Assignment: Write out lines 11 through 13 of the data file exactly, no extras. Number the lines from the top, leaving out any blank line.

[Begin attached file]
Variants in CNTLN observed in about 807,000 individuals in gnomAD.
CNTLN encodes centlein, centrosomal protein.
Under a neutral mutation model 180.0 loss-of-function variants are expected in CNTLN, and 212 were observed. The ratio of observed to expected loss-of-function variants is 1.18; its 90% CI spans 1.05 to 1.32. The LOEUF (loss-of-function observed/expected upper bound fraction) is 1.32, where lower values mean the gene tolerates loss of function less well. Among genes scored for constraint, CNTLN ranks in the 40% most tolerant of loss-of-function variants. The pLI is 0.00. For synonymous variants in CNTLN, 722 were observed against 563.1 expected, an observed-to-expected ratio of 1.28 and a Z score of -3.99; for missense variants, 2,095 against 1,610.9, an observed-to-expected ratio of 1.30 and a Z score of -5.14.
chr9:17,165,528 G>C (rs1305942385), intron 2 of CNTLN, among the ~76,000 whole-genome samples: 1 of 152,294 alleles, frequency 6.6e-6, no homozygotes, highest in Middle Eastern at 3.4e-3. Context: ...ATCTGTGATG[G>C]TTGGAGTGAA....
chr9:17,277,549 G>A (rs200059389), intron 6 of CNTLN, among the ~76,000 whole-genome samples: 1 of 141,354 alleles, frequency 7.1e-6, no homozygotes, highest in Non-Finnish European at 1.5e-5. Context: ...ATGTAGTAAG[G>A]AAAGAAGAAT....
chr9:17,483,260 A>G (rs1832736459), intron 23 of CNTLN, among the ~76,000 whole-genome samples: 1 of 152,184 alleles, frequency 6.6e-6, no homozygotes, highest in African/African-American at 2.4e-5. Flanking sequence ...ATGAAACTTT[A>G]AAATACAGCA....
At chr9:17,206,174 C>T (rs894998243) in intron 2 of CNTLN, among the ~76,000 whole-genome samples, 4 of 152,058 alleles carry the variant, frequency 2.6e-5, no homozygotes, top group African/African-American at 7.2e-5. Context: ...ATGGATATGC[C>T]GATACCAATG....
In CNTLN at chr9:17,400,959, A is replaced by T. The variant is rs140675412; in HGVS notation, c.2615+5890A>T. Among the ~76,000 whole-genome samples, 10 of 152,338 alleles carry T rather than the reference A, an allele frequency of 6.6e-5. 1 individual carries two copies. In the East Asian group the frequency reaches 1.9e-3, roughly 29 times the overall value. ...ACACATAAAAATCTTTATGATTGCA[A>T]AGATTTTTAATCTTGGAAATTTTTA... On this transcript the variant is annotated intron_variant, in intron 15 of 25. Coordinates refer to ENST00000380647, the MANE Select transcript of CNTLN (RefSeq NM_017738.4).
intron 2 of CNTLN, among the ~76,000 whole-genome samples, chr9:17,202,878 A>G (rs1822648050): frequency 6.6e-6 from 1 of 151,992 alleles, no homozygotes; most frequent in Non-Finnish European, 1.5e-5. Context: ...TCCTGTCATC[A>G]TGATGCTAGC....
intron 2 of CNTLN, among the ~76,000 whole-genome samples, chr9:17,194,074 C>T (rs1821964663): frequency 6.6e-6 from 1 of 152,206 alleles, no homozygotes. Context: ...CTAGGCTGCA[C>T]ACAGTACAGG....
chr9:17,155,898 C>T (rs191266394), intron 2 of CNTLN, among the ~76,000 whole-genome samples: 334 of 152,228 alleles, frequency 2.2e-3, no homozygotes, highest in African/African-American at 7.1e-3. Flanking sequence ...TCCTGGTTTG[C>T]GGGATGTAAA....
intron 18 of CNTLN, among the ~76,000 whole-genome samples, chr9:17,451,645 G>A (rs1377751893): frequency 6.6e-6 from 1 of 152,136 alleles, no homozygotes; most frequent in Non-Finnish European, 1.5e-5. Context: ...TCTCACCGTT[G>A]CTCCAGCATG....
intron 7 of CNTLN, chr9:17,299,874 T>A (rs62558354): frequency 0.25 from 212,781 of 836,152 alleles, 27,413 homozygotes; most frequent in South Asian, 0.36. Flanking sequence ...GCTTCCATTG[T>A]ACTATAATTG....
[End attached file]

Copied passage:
chr9:17,155,898 C>T (rs191266394), intron 2 of CNTLN, among the ~76,000 whole-genome samples: 334 of 152,228 alleles, frequency 2.2e-3, no homozygotes, highest in African/African-American at 7.1e-3. Flanking sequence ...TCCTGGTTTG[C>T]GGGATGTAAA....
intron 18 of CNTLN, among the ~76,000 whole-genome samples, chr9:17,451,645 G>A (rs1377751893): frequency 6.6e-6 from 1 of 152,136 alleles, no homozygotes; most frequent in Non-Finnish European, 1.5e-5. Context: ...TCTCACCGTT[G>A]CTCCAGCATG....
intron 7 of CNTLN, chr9:17,299,874 T>A (rs62558354): frequency 0.25 from 212,781 of 836,152 alleles, 27,413 homozygotes; most frequent in South Asian, 0.36. Flanking sequence ...GCTTCCATTG[T>A]ACTATAATTG....